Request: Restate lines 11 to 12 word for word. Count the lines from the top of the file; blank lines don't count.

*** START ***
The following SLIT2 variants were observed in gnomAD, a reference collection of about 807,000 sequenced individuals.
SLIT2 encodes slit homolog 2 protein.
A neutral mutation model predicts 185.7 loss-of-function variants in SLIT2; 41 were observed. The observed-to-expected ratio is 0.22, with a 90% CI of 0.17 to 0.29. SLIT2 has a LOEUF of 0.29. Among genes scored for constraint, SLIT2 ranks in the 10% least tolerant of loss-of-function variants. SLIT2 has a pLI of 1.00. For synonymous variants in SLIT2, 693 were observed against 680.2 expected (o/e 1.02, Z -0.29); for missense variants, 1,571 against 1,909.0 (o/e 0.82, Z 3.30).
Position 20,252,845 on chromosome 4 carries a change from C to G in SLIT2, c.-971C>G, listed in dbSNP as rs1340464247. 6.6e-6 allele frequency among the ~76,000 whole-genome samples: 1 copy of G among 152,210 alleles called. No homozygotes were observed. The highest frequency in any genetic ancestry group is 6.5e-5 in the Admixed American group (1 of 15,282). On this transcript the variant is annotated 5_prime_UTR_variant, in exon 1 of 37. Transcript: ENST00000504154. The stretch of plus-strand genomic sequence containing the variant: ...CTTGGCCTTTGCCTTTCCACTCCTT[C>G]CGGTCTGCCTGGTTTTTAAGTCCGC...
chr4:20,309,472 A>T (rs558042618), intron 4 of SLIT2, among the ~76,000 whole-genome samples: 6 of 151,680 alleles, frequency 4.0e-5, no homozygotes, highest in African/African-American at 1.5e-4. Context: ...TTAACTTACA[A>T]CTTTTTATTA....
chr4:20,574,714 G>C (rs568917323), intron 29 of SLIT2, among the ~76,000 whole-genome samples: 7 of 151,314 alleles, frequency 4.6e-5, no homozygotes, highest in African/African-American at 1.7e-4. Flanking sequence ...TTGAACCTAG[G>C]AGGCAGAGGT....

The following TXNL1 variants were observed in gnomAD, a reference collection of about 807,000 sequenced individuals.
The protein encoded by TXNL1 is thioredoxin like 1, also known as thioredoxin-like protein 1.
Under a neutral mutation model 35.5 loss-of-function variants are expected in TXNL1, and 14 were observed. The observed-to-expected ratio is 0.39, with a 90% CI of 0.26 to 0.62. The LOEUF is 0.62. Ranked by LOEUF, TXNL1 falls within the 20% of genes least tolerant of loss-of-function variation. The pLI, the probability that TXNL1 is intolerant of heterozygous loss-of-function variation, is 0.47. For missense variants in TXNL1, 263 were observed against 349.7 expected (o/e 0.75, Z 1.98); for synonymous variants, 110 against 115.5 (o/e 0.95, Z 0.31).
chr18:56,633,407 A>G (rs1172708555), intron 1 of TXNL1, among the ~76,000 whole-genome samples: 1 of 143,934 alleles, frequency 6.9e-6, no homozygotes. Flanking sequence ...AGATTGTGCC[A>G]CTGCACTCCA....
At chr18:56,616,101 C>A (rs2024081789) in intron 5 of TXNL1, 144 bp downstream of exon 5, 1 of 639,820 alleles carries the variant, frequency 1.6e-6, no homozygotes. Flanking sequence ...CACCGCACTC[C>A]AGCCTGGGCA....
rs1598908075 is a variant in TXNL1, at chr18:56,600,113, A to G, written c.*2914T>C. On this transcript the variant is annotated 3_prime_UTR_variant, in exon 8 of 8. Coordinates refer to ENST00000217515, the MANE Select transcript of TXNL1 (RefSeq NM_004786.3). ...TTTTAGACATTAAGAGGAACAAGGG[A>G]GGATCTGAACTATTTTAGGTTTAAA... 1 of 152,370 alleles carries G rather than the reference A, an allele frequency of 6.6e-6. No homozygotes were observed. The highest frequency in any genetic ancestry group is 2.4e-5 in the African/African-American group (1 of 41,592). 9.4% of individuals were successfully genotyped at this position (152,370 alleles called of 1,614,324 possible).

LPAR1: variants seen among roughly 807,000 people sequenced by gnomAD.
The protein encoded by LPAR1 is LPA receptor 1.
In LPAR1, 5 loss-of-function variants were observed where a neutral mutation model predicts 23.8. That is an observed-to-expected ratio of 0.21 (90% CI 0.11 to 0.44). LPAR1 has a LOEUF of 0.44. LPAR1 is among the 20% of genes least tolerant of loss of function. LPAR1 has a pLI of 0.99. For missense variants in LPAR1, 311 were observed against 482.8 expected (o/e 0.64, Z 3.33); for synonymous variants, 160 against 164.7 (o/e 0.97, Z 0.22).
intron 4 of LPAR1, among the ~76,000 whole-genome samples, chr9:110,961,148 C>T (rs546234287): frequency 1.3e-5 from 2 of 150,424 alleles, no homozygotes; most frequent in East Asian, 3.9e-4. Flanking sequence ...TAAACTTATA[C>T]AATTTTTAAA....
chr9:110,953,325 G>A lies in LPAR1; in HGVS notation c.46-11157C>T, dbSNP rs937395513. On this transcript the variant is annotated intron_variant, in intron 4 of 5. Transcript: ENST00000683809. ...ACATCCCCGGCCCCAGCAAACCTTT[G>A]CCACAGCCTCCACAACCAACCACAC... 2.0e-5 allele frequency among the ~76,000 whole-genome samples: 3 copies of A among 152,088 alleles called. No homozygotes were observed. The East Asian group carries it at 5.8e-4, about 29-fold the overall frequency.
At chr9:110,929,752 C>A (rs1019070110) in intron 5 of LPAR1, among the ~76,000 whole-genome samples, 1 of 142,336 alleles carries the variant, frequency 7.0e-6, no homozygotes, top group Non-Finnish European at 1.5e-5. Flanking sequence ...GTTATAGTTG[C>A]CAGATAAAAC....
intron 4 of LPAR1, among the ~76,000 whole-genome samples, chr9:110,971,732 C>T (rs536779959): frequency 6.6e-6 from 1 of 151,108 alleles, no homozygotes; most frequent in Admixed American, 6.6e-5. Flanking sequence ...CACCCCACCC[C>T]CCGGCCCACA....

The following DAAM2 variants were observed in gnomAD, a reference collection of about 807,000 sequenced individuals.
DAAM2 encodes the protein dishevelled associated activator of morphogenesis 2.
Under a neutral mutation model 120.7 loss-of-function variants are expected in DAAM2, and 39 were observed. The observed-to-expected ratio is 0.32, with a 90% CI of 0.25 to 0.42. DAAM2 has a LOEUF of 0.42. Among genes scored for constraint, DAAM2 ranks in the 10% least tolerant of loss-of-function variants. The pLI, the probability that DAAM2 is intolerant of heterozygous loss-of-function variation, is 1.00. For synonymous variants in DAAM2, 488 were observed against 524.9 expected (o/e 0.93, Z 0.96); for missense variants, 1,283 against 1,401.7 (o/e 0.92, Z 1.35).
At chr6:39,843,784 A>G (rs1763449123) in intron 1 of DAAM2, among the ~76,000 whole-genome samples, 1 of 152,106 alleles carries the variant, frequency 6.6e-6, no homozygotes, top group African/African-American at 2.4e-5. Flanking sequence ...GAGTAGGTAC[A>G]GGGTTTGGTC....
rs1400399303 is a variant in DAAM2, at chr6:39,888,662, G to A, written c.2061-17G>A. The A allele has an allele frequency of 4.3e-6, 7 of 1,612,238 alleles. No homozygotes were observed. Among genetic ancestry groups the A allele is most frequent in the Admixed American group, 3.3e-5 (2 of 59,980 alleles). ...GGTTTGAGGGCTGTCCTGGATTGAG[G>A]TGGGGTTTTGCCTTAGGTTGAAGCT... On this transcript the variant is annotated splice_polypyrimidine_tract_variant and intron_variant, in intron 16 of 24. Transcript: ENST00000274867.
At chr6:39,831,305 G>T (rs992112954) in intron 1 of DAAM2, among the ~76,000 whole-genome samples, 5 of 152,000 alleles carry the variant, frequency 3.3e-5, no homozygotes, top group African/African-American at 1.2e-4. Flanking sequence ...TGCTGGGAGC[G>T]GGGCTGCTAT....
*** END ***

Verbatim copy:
At chr18:56,616,101 C>A (rs2024081789) in intron 5 of TXNL1, 144 bp downstream of exon 5, 1 of 639,820 alleles carries the variant, frequency 1.6e-6, no homozygotes. Flanking sequence ...CACCGCACTC[C>A]AGCCTGGGCA....
rs1598908075 is a variant in TXNL1, at chr18:56,600,113, A to G, written c.*2914T>C. On this transcript the variant is annotated 3_prime_UTR_variant, in exon 8 of 8. Coordinates refer to ENST00000217515, the MANE Select transcript of TXNL1 (RefSeq NM_004786.3). ...TTTTAGACATTAAGAGGAACAAGGG[A>G]GGATCTGAACTATTTTAGGTTTAAA... 1 of 152,370 alleles carries G rather than the reference A, an allele frequency of 6.6e-6. No homozygotes were observed. The highest frequency in any genetic ancestry group is 2.4e-5 in the African/African-American group (1 of 41,592). 9.4% of individuals were successfully genotyped at this position (152,370 alleles called of 1,614,324 possible).